Talk:Deoxyribonucleic acid

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"All living creatures contain DNA" might be pushing it. Viruses and retroviruses, AFAIK, only have RNA. Human 21:46, 15 April 2007 (EDT)

That's not quite correct, viruses have both single and double strand DNA and RNA, depending on the species. Since the debate still rages as to whether virii are really "alive" (it's also a problem of definition, like "is Pluto a planet?"), I think for this blog's purposes "life" can be considered to start at a cellular minimum, and the statement that all life has DNA can stand. Human 21:44, 30 April 2007 (EDT)
Pushing my knowledge slightly but I'm fairly sure that virus's aren't actually living. MatteeNeutra 11:51, 16 April 2007 (EDT)
It's definitely a matter of debate at some levels - it depends on how you define "living", of course. One simplistic way would be to define life as things with DNA, making the definition here tautological. In my opinion, I think better definitions revolve around self-replication, which viruses certainly do. That they need other living things to achieve this is irrelevant, since most living things depend on others in order to replicate - for food, at the very least. Even retroviruses prions, which as I recall are little more than a protein coverin gover a snippet of RNA, would meet this definition of "life", and I really see no problem with that. Human 13:00, 16 April 2007 (EDT)
One problem with this level of definition is that crystals grow as well, in the right environment, effectively "reproducing". And I don't think anyone thinks crystals are alive (except maybe a few new agers?). Again, it comes down to trying to determine a scientific, useful definition for a "common language" word (cf. planet, above). I think most of this sort of discussion is beyond the scope of this baramin-based wiki/blog, though. Human 21:44, 30 April 2007 (EDT)
Oh okay! Seems to make sense to me, but as I said my knowledge is fairly limited! Cheers for the clear up. MatteeNeutra 11:50, 17 April 2007 (EDT)

A double helix is just like one ladder that is twisted around. The two sides of the ladder are the helices (and in this analogy, the base pairs are the rungs, of course). Gattaca! Human 11:47, 16 April 2007 (EDT)

I have to laugh, the cloning guide was cute:). Viruses are not considered living and DNA is not just found in living organisms, DNA is a very stable molecule and can survive many different environmental conditions so I would suggest dropping that bit from the first paragraph.--TimS 14:58, 1 May 2007 (EDT)

DNA and genes

Despite improving the reference, I still don't think it's clear how DNA and genes affect things like the amount of pigmentation in hair or eyes. Perhaps that is beyond the scope of the DNA article.

If so, I'd like to see an article which explains this in detail. Like,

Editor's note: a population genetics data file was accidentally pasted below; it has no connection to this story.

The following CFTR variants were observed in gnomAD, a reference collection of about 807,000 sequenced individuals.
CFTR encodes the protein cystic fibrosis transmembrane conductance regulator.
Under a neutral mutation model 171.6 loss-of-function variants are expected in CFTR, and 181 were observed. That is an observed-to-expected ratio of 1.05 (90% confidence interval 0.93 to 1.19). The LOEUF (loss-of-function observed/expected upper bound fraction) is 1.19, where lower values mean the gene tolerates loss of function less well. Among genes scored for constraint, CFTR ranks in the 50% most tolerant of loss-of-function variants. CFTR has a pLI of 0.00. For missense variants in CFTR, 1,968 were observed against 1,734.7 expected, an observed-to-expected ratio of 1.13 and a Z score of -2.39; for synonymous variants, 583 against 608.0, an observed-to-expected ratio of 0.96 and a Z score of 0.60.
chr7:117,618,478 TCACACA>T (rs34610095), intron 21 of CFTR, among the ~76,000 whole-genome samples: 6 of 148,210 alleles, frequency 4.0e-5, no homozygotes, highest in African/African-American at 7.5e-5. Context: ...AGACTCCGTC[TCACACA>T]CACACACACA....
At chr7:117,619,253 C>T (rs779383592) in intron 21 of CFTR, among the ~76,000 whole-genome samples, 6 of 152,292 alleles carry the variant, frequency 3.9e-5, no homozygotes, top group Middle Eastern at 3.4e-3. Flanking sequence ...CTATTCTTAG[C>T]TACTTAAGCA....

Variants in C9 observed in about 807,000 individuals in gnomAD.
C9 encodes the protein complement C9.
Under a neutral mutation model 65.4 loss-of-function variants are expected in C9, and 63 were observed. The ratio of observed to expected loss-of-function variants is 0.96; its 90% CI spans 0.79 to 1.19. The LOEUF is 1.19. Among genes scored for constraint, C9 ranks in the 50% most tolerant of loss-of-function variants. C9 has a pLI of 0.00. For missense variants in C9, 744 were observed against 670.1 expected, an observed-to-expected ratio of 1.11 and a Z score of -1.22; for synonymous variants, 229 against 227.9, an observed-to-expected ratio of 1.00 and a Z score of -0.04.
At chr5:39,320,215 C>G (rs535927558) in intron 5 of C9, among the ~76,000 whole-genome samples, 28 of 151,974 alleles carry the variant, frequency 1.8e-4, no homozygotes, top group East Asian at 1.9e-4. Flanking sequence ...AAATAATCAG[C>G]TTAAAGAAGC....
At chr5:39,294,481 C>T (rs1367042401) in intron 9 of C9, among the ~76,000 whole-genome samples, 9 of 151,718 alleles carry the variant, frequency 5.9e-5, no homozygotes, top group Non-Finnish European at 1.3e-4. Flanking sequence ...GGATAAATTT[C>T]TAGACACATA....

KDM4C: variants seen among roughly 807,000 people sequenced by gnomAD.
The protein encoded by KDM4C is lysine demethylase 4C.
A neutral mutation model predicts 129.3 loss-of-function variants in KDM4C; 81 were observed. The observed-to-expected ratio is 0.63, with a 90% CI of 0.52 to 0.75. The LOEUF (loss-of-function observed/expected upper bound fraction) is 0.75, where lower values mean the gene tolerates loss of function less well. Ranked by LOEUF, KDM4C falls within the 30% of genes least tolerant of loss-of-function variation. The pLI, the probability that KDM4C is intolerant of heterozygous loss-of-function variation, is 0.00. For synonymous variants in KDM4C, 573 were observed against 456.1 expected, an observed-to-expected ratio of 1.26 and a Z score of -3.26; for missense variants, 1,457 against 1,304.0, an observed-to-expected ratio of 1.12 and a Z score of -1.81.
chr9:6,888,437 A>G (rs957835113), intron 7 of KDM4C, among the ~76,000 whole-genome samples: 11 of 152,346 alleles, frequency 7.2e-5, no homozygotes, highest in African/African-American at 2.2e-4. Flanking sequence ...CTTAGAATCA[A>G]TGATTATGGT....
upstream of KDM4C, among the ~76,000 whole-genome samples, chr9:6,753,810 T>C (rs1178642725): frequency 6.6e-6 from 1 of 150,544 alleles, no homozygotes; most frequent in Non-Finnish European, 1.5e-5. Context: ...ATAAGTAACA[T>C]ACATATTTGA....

• when this pattern of DNA is present in the gene, your children will have blond hair, otherwise, black hair.

This assumes that scientists really know this much. --Ed Poor Talk 13:03, 11 July 2007 (EDT)

Actually they do different hair coulours result from mutations to the MC1R gene the allele of which have been sequenced [1] BannerN 07:05, 27 January 2010 (EST)

"Whatever their individual beliefs, only human beings have learned to analyze and use their DNA, and only humans can learn to use that knowledge wisely."

Can we be sure of this? I don't think there are any articles that can prove this is exactly true. Also, I'm new to this site, so I'm not sure how to correctly sign off.

(Reagansbiotch 7/29/07, 12:27 a.m. EDT)

Expanding article detail

I'm trying to expand this article and maybe even expand a few of the related articles. I made some changes this morning, but I'm looking for feedback before I continue expanding this article. I don't know what level of detail would be appropriate for this article; the encyclopedist in me wants to add esoteric details, the internet user in me wants to leave it very simple. Also, there are a few concepts (e.g. base pairing) that I think may be better off in their own articles. I am planning on turning DNA fingerprinting into its own article. Anyhow, does anybody have any comments or thoughts about how I should continue in my effort to expand this page?

Also (yeah, I'm new to this whole wiki thing so I don't know what I'm doing), could somebody tell me how to add a picture to the article? I'd really like to include a figure showing the molecular structures of each of the bases, as well as a more detailed diagram of the double helix. As they say, a picture is worth a thousand words; a few of the concepts I added to this article could be explained much more succinctly with a few captioned images. --JHunter 09:54, 25 January 2012 (EST)

Actually, I just saw in the edit history that there was an attempt to de-jargonize this article. I'm afraid that I may have re-jargonized it somewhat. Please let me know specifically if / where I need to de-jargonize my previous or future edits. --JHunter 09:59, 25 January 2012 (EST)